2001: 96.5 billion barrels
2010: 101.5 billion barrels
2011: 101.5 billion barrels
Kuwait’s oil reserves have not decreased from the 1991 figure. In fact that 96.5b figure was established in 1985! There's not been any decrease to their reserves for the oil they have produced and sold, nor for the Iraqi invasion (when the Iraqis lit many of the wells as they were leaving, causing an estimated loss of 1 to 1.5 billion barrels). The official figure can’t be correct.
Page 8 of the report lists the production, in thousands of barrels per day. I’ll give the last 5 years in terms of barrels per year:
2007: 966m barrels
2008: 1,007m barrels
2009: 904m barrels
2010: 919m barrels
2011: 1,046m barrels
Now production is higher than it has been in the past but if we assume an average production of 850m barrels a year since 1985 it equals production of 24.2 billion barrels since the “96.5b” figure was originally created.
If the 96.5b figure was correct then Kuwait has around 72b left (around 65-70 years of production) but that’s only if those “proven reserves” were actually proven. There are some doubts. For example if you google around there is some mention of a leaked memo purported to be from Kuwait’s Ministry of Oil from 2001 which noted that the real reserves were far lower. Unfortunately there was no way to verify whether the memo was authentic, and if it was, then Kuwait could have as little as 15-20 years at current rates of production.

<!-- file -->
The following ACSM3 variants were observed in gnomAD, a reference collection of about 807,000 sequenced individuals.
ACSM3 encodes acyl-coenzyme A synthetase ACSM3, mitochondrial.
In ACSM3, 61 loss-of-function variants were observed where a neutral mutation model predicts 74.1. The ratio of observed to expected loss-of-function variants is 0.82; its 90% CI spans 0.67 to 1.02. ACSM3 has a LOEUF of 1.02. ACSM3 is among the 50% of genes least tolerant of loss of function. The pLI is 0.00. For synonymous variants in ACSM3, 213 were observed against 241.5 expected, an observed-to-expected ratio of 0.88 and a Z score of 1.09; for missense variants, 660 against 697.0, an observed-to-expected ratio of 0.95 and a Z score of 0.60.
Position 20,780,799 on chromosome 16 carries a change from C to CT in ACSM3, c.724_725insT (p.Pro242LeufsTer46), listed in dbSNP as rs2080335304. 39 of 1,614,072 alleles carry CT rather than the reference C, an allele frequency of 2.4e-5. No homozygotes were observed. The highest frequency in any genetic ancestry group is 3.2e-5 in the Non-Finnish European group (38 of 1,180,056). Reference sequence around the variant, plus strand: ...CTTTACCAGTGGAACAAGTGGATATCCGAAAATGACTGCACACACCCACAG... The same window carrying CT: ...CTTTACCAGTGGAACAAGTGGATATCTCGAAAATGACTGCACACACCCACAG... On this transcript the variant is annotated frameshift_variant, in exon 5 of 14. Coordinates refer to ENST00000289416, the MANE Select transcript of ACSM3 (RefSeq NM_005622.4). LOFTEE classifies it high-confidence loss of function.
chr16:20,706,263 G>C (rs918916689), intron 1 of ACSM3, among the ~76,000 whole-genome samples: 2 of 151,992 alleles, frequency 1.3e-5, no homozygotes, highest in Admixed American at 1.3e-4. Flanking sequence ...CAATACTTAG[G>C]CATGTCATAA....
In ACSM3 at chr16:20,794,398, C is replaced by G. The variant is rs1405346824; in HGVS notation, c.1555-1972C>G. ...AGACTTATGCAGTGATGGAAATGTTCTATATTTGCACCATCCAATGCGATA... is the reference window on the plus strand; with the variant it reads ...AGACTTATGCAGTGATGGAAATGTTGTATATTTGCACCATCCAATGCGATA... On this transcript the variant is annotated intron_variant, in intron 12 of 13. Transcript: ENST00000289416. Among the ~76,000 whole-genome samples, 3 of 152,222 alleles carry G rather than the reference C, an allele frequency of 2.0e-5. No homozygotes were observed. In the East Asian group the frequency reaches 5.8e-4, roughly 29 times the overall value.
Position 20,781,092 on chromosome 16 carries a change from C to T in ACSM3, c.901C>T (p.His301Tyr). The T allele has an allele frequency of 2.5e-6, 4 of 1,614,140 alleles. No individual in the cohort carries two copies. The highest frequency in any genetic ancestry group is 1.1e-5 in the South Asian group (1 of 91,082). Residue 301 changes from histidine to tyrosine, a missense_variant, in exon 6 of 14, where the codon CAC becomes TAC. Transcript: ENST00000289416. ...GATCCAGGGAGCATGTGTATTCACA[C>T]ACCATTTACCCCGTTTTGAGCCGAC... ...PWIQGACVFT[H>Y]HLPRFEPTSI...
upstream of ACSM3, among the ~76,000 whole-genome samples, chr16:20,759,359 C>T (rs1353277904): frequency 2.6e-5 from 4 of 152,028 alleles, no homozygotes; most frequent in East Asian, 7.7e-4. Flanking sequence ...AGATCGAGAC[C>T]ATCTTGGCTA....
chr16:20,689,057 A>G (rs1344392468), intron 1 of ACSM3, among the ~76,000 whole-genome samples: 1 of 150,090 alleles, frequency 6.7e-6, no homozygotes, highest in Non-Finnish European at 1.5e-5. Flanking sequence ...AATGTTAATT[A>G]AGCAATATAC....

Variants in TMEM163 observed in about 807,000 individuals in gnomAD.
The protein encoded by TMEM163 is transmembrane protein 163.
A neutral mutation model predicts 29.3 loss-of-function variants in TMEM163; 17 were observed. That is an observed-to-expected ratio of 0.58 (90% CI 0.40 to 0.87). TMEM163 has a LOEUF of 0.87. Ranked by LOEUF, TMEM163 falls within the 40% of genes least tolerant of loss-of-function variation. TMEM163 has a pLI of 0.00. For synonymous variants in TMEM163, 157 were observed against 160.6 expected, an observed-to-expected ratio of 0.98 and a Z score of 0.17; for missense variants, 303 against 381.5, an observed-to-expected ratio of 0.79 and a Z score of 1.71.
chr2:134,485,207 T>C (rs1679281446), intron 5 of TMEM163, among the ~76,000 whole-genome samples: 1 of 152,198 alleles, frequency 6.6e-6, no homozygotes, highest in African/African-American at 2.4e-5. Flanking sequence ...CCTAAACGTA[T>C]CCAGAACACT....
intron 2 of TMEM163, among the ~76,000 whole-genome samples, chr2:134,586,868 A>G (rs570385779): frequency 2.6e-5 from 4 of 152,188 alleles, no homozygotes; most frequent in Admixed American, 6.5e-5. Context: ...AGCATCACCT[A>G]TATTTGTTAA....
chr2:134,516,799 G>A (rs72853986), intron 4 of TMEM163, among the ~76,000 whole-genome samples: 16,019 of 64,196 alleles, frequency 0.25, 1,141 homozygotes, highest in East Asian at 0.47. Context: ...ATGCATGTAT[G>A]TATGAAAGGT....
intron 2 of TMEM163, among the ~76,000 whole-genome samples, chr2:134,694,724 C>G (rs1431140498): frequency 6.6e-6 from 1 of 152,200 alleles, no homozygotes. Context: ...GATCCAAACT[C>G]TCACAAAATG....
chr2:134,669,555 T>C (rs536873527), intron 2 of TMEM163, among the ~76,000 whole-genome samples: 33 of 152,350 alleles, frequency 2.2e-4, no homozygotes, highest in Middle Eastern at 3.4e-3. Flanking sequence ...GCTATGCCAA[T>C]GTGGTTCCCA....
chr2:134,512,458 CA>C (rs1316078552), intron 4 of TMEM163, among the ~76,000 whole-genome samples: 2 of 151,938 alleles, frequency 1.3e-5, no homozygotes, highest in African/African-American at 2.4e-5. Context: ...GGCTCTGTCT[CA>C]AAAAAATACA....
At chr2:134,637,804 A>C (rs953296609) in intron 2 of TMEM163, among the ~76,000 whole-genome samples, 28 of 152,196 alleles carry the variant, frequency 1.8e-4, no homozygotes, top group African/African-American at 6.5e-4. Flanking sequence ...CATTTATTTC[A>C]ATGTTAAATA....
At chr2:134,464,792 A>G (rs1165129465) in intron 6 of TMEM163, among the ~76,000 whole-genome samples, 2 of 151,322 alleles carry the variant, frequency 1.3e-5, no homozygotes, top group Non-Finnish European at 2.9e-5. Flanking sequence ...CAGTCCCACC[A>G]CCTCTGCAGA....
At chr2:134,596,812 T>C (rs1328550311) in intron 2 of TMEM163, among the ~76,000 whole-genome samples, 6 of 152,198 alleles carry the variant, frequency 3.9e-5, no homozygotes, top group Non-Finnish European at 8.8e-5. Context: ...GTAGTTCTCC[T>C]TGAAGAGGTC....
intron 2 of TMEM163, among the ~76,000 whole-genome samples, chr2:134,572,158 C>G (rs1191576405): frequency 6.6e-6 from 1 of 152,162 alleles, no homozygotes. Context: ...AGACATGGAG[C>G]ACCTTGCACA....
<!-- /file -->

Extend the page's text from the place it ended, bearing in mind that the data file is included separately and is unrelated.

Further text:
While I think the current stated reserves are overinflated I also suspect that unless that leaked memo can be verified as authentic I don't think 15-20 years is likely either or the Kuwaiti Government would have been acting far sooner to reduce expenses. I think it's something in between, possibly 25-30 years. In the meantime Kuwait is also facing potentially having to spend more than it makes on oil just to maintain its current system. The Kuwaiti Government may have realized that it needs to start doing something or else 25 to 30 years down the road it will find itself financially in a very bad position. Given that, I can't see the situation for expats changing there.